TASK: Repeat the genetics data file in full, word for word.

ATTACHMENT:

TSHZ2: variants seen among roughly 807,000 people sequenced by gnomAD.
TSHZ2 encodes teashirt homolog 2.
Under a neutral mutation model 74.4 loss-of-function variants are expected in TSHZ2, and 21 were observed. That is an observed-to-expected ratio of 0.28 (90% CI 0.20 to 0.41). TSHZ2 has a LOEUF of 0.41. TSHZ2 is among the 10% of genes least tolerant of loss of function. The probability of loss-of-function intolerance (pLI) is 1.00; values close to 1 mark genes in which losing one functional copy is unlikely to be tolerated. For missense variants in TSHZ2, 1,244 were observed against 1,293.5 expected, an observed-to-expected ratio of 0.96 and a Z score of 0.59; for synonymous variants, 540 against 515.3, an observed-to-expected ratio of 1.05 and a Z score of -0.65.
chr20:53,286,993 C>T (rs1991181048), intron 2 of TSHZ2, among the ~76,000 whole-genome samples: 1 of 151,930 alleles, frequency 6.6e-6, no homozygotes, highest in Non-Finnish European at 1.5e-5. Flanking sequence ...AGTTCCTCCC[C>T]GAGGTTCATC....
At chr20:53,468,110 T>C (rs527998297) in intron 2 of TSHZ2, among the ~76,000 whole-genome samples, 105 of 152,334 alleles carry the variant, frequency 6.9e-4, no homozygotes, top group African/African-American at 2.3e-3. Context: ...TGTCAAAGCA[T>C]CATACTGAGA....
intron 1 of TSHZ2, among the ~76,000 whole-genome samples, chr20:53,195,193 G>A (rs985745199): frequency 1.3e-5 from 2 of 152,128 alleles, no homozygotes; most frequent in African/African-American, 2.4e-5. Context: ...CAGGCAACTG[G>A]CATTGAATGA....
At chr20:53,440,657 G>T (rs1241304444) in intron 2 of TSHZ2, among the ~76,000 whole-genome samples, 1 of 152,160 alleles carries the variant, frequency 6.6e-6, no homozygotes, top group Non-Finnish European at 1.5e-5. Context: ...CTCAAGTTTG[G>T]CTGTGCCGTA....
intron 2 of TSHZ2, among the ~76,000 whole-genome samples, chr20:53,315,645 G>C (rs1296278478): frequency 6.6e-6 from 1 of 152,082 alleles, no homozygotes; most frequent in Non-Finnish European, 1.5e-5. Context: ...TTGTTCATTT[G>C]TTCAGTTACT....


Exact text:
TSHZ2: variants seen among roughly 807,000 people sequenced by gnomAD.
TSHZ2 encodes teashirt homolog 2.
Under a neutral mutation model 74.4 loss-of-function variants are expected in TSHZ2, and 21 were observed. That is an observed-to-expected ratio of 0.28 (90% CI 0.20 to 0.41). TSHZ2 has a LOEUF of 0.41. TSHZ2 is among the 10% of genes least tolerant of loss of function. The probability of loss-of-function intolerance (pLI) is 1.00; values close to 1 mark genes in which losing one functional copy is unlikely to be tolerated. For missense variants in TSHZ2, 1,244 were observed against 1,293.5 expected, an observed-to-expected ratio of 0.96 and a Z score of 0.59; for synonymous variants, 540 against 515.3, an observed-to-expected ratio of 1.05 and a Z score of -0.65.
chr20:53,286,993 C>T (rs1991181048), intron 2 of TSHZ2, among the ~76,000 whole-genome samples: 1 of 151,930 alleles, frequency 6.6e-6, no homozygotes, highest in Non-Finnish European at 1.5e-5. Flanking sequence ...AGTTCCTCCC[C>T]GAGGTTCATC....
At chr20:53,468,110 T>C (rs527998297) in intron 2 of TSHZ2, among the ~76,000 whole-genome samples, 105 of 152,334 alleles carry the variant, frequency 6.9e-4, no homozygotes, top group African/African-American at 2.3e-3. Context: ...TGTCAAAGCA[T>C]CATACTGAGA....
intron 1 of TSHZ2, among the ~76,000 whole-genome samples, chr20:53,195,193 G>A (rs985745199): frequency 1.3e-5 from 2 of 152,128 alleles, no homozygotes; most frequent in African/African-American, 2.4e-5. Context: ...CAGGCAACTG[G>A]CATTGAATGA....
At chr20:53,440,657 G>T (rs1241304444) in intron 2 of TSHZ2, among the ~76,000 whole-genome samples, 1 of 152,160 alleles carries the variant, frequency 6.6e-6, no homozygotes, top group Non-Finnish European at 1.5e-5. Context: ...CTCAAGTTTG[G>T]CTGTGCCGTA....
intron 2 of TSHZ2, among the ~76,000 whole-genome samples, chr20:53,315,645 G>C (rs1296278478): frequency 6.6e-6 from 1 of 152,082 alleles, no homozygotes; most frequent in Non-Finnish European, 1.5e-5. Context: ...TTGTTCATTT[G>C]TTCAGTTACT....